4. tcmtech

    Well-Known Member

    Nov 4, 2013
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    I say old wiring does strange things and that's from personal experience.

    Yes check the lines ahead of the fuses at the panels and at the main power box where the utility meter is located as well. If the voltages are good at the utility meter connection panel then everything is on your end and your problem but if its present at the meter panel then your utility company has some work to do first.

    A common issue with finding odd phantom voltages on lines with little to no load is that the old tar saturated cloth coated types of wiring can get damp and allow just enough leakage for a high impedance multimeter like any typical digital one to pick up what is basically a false voltage reading.

    As for what is connected where don't be surprised. If it can make something work someone will have done it no matter what protection systems they had to bypass to make it work.
     
  5. LDC3

    Active Member

    Apr 27, 2013
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    How far is it to the pole transformer?
    If it's over 1000 ft, then the utility company may have set the voltage higher to compensate for line loss. You should check with the utility company to be certain.
     
  6. Kuhny1

    Thread Starter New Member

    Jul 2, 2015
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    Thanks for all of the advice I'll check back tomorrow :)
    Its overvolting to 150, the voltage isn't low
     
  7. ian field

    Distinguished Member

    Oct 27, 2012
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    Does the voltage sink to normal level at the time of day everyone's cooking dinner, boiling kettles and turning the TV on?

    As was suggested - you may have a long cable run and the power company boosts the output to compensate for volt drop.

    Any volt drop will be different at different times of day depending on how much load.

    There's usually some kind of regulation authority that tells power companies what tolerance they must stay within.
     
  8. KMoffett

    AAC Fanatic!

    Dec 19, 2007
    2,574
    230
    On 220VAC feeds with a common neutral, you can see intermittent over voltages if there is a poor neutral contact at the feed from the transformer, either at the transformer or at the panel. This can turn the loads on the two 110VAC sides into a voltage divider. The voltage drop across each "110V" circuit will depend on the load on that side. If both 110v circuits have the same load, then each will have 110V. But if one side has a heavier load, the voltage drop across that side will be less that 110v. The lightly loaded side will have the remainder of the 220V...higher than 110V. Happened in my parents old farm house. They had a couple of areas were lamps would last a couple of weeks or a couple of months. One day during a wind storm my dad saw arcing at the distribution pole in the barn yard. The electrician found a loose neutral. Fixed, and now more blown lamps. :)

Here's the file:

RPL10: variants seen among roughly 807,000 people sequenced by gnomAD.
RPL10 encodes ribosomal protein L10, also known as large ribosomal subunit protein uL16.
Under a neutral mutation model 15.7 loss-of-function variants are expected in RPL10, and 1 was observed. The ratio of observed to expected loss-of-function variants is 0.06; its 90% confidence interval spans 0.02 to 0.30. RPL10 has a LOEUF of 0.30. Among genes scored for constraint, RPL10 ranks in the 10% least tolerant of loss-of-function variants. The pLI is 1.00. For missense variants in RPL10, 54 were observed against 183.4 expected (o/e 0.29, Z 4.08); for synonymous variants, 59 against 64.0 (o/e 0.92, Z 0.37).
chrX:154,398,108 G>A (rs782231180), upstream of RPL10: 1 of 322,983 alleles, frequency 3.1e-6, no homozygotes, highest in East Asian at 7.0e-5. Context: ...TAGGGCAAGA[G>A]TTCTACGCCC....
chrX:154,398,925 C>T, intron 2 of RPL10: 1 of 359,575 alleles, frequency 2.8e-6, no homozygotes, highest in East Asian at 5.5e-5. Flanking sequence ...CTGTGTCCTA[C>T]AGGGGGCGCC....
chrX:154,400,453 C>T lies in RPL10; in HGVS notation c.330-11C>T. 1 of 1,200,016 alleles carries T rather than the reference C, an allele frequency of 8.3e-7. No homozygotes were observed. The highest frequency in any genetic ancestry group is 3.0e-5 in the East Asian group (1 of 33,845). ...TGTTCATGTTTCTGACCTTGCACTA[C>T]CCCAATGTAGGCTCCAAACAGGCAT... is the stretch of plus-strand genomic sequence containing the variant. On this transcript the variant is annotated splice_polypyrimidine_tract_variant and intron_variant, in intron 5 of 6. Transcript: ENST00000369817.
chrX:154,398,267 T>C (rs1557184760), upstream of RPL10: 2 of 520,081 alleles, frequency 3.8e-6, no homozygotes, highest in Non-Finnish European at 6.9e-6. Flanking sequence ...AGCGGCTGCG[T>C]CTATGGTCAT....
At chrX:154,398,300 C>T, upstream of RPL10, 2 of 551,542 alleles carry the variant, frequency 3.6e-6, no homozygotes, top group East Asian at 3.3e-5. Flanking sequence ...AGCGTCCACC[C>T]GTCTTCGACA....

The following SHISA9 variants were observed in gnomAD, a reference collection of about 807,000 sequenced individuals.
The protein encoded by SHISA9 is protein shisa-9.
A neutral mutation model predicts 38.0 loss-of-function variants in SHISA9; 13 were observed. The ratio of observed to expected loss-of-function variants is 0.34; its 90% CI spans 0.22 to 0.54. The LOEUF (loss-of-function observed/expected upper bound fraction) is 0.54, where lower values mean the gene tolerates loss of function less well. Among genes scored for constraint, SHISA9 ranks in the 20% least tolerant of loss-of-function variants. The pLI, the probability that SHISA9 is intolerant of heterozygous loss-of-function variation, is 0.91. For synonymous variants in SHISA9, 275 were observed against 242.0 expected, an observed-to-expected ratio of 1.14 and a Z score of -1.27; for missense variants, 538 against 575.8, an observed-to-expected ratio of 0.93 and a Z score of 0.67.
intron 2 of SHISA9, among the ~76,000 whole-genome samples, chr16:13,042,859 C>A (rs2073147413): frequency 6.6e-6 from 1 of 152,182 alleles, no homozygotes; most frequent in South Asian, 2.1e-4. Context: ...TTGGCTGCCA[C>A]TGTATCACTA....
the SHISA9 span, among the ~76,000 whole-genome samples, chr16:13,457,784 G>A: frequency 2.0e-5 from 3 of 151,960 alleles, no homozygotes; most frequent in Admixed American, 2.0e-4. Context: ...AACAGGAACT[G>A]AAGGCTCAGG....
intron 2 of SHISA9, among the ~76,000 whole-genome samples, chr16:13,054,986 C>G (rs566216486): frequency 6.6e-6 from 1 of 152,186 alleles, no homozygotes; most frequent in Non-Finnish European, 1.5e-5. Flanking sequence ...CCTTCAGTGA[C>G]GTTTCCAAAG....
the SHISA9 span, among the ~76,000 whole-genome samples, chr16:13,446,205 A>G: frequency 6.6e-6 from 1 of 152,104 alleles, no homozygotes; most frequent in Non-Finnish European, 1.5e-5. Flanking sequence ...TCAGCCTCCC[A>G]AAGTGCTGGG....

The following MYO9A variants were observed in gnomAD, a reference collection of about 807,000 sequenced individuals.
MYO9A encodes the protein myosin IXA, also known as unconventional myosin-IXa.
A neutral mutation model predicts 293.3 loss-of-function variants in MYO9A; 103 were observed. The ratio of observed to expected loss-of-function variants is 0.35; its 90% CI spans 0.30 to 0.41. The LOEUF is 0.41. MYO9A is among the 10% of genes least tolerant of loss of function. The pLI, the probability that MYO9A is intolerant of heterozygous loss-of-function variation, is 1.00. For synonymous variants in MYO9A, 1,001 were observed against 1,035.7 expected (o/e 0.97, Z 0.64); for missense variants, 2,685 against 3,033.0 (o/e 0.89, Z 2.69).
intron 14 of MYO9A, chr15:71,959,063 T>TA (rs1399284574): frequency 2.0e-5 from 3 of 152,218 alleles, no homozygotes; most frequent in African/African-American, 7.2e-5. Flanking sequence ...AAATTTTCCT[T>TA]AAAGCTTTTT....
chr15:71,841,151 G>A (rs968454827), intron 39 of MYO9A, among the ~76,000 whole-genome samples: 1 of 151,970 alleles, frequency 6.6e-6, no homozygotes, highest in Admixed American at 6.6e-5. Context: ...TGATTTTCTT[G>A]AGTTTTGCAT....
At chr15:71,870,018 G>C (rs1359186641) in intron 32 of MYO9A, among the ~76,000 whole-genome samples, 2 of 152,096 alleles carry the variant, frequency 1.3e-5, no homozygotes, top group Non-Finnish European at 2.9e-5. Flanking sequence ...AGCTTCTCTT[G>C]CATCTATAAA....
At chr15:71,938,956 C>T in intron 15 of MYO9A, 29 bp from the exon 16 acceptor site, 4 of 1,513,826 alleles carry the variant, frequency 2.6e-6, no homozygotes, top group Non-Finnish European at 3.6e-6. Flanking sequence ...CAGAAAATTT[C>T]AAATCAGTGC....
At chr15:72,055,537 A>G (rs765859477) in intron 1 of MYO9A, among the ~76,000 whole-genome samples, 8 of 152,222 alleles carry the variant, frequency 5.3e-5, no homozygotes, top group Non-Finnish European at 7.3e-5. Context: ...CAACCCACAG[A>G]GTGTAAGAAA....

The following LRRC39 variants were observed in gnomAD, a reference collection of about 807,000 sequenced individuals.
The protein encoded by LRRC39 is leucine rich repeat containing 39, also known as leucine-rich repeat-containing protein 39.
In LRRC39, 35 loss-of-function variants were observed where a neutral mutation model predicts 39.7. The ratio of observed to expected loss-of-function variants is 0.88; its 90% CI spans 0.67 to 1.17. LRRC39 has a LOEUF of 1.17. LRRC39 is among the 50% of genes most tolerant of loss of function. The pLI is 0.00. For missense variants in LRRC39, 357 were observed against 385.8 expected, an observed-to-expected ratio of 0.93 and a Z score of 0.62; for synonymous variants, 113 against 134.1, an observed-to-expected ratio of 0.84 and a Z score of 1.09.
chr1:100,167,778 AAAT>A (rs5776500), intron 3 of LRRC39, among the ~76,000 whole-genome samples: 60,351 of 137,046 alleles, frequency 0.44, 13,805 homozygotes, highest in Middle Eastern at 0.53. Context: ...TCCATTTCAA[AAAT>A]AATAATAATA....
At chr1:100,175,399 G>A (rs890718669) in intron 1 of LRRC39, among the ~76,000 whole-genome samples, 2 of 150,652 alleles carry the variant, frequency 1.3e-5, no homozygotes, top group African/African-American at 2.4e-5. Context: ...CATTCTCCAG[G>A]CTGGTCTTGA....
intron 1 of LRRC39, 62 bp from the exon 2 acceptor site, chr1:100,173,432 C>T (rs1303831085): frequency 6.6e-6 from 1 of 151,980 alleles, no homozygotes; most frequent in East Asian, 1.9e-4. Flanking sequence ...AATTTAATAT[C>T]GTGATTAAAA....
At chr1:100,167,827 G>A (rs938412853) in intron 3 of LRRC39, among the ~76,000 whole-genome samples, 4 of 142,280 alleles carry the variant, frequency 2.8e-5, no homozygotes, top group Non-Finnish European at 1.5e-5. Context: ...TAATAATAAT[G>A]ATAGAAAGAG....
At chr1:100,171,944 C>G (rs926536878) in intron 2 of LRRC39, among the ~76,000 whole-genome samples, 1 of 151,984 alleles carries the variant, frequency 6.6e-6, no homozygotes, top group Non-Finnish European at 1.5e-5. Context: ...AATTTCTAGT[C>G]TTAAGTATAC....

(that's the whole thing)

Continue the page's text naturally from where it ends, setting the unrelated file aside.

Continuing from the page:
Ken
     
  9. ian field

    Distinguished Member

    Oct 27, 2012
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    Apparently the latest gizmo is an ultrasonic sniffer, basically a transducer like in the old style remote control TVs is amplified and fed to a mixer that down converts it to the audio range.

    The main purpose is for sniffing out corona discharge and any other form of arcing on the insulators of high voltage lines. It would probably also pick up loose connection arcing too.

    Long ago, one magazine published such a project for sniffing out the hiss from a punctured bicycle tyre - I think they missed a trick there!
     
  10. tcmtech

    Well-Known Member

    Nov 4, 2013
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    Unlikely. Voltage drop issues beyond the utilities primary meter and service connection point is not their concern and I have serious doubts they would ever purposely feed something as high a 150+ VAC a customers service to make up for at load voltage drops being ahtt whenever they were not running a specific load the utility company would be over voltaging their systems and would be liable for all damages done to the customers equipment.